The global Covid-19 crisis has been fuelled by deepening poverty, rising inequalities, vulnerabilities, sexual and gender-based violence, structural and entrenched discrimination plus other gaps in human rights protection,” he said.

Remarks of The UN Resident Coordinator Fodé Ndiaye

He said that challenges to overcome are constantly increasing but they require robust efforts in cooperation among states, enhancing the solidarity among the institutions and countries.
The decision to jointly commemorate this event in Rwanda shows our continued commitment to work together as a team and we are proud that this has yielded the achievement of great results, which are welcome by the international community.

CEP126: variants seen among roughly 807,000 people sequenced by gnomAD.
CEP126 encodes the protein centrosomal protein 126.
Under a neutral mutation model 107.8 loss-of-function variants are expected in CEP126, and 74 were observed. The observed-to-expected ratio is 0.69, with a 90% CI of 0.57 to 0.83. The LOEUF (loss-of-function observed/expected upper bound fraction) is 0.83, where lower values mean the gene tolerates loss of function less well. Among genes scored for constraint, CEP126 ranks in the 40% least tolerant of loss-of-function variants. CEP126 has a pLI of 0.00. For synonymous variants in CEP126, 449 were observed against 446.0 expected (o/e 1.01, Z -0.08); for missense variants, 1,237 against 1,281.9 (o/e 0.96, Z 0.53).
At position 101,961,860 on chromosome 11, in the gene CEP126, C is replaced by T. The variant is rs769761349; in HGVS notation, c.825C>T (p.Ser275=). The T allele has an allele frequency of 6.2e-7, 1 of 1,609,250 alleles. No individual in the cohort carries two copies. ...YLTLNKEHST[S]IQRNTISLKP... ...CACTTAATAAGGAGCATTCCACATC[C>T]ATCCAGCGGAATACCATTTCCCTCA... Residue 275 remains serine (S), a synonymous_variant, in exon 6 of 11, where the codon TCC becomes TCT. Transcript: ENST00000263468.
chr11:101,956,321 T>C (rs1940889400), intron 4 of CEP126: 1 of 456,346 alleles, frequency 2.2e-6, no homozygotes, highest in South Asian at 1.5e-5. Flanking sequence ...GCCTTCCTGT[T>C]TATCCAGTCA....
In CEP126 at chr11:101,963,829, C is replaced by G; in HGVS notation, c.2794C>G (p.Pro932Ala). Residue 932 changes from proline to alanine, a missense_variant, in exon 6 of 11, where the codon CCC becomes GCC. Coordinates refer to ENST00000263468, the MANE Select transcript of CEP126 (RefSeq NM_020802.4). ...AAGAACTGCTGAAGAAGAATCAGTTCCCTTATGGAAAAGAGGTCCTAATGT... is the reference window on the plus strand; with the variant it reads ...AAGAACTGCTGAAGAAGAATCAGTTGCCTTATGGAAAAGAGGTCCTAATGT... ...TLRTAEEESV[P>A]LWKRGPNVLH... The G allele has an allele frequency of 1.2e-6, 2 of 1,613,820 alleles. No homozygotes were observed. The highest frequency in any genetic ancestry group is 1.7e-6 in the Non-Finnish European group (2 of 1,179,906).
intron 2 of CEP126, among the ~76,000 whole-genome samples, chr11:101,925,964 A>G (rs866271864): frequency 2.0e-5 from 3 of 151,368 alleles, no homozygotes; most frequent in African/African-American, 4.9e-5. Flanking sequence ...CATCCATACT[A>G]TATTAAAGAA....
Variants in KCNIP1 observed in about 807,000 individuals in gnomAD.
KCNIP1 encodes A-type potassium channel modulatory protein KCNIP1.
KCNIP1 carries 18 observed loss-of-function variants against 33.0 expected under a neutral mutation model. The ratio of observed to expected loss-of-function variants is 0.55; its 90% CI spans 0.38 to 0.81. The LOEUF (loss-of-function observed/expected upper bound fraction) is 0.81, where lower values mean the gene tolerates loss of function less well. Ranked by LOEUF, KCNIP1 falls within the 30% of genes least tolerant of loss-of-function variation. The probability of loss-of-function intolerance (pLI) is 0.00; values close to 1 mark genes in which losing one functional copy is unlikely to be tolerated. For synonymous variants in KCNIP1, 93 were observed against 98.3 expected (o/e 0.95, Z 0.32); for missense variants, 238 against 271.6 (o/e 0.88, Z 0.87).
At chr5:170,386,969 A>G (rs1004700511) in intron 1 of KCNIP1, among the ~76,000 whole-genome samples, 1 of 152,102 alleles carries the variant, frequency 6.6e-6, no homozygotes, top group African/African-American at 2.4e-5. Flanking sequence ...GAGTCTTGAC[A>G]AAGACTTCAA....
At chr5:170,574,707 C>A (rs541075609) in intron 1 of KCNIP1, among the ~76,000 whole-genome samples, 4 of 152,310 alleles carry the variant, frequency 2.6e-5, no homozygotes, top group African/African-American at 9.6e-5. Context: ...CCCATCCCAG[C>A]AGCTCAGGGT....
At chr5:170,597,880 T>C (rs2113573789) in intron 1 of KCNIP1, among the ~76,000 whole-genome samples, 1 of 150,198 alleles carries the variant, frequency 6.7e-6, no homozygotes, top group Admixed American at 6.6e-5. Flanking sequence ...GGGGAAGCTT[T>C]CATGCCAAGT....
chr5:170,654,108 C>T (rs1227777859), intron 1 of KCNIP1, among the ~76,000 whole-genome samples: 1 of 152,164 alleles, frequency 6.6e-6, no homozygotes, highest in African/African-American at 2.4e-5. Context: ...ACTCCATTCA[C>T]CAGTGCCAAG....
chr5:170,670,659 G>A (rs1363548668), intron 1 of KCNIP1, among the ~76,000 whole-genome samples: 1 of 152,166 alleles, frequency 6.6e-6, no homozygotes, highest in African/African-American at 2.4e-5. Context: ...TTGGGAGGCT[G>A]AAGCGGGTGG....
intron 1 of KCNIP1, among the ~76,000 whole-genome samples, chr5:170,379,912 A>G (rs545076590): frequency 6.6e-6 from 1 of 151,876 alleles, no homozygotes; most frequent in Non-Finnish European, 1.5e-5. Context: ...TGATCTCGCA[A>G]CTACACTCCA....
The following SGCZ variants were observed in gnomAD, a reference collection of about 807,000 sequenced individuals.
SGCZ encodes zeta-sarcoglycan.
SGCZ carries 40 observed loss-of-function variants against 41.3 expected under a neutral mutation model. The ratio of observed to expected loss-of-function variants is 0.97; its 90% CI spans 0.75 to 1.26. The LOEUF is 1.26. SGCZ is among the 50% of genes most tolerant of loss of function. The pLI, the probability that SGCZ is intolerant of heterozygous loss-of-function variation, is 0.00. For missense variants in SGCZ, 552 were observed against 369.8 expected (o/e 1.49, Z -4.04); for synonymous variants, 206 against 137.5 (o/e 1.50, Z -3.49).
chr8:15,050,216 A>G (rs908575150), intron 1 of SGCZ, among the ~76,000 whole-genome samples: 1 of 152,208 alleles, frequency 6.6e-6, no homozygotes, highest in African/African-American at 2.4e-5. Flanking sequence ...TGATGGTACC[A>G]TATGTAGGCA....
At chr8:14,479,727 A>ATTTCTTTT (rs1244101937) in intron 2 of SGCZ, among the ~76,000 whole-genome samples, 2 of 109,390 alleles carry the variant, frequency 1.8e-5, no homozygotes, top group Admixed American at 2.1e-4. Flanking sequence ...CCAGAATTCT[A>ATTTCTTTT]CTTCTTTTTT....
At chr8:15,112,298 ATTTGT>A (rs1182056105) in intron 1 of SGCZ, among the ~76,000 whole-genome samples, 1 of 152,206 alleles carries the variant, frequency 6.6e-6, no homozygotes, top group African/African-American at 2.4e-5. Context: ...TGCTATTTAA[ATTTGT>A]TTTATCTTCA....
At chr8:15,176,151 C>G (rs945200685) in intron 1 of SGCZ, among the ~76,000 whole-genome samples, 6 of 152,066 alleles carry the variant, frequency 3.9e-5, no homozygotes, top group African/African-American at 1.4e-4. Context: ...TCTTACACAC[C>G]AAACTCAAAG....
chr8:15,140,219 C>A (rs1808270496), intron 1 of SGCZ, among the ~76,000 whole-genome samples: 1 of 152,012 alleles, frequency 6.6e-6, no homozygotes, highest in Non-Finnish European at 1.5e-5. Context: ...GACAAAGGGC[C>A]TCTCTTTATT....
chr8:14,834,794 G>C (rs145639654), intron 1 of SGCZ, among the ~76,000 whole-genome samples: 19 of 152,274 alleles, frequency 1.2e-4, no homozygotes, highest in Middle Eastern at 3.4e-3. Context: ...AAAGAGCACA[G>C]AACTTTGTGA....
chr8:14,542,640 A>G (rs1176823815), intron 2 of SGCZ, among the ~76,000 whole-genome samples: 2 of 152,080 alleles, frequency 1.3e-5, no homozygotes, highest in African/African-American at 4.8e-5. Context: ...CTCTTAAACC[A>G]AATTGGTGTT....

This year’s Human Rights Day (HRD) themes “Recover Better, stand up for Human Rights” relates to the COVID-19 pandemic and focused on the need to build back better by using Human Rights. It is an opportunity to reaffirm the importance of human rights in re-building the word we want and reaffirm our interconnectedness, our shared responsibility, and our shared humanity as human being. This theme invites us to think more deeply on our roles and responsibility in fighting against this pandemic, and be held accountable in successfully playing them. The recovery will be efficient if and only if it is anchored on fundamental human rights and is inclusive, leave no one behind the response should be people-centered.